A Taxonomy of Religion

The word religion encompasses a vast range of practices, beliefs, and institutions. Some scholars, especially those inspired by Continental philosophers such as Friedrich Nietzsche and Michel Foucault (see Nietzsche, Friedrich and Foucault, Michel), argue that the varying semantic range of the term reflects the fact that the concept itself is an invented category. Others, especially those influenced by sociological functionalist approaches such as Emile Durkheim (see Durkheim, Emile), argue that any system of beliefs and practices that functions to unify people into one moral community can be considered a religion.

This broad definition of religion is a powerful and useful one in practice because it allows the study of any non-theistic faith that seeks to integrate belief and practice. It also makes it possible to distinguish between different types of secular systems. In addition, the definition focuses on how beliefs and practices manifest themselves. These manifestations can be private or public, disciplinary or not, and personal or collective.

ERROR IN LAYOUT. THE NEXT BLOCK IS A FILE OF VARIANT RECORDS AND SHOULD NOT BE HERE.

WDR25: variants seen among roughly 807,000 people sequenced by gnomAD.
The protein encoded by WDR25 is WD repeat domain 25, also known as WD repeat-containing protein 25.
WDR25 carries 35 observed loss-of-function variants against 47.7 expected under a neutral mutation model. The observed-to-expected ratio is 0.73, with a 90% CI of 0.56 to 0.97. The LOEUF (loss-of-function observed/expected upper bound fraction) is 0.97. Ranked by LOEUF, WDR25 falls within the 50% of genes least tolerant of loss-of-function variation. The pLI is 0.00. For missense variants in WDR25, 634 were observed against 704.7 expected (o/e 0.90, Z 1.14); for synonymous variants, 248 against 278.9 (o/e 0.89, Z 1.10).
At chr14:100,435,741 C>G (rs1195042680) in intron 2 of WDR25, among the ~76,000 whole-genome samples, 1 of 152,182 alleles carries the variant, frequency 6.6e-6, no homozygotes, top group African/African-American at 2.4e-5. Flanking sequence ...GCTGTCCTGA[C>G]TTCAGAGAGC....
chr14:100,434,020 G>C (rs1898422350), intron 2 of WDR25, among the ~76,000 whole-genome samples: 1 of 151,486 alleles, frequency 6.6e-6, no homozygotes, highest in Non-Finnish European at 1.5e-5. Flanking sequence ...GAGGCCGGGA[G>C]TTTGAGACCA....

Philosophers have wrestled with how to define religion since the very beginnings of modern philosophy. The resulting array of definitions has been impressive in its breadth and variety. This article presents a brief history of the evolution of the term, and provides a taxonomy of a number of different kinds of definitions (substantive, functional, mixed, family-resemblance), along with some critical commentary.

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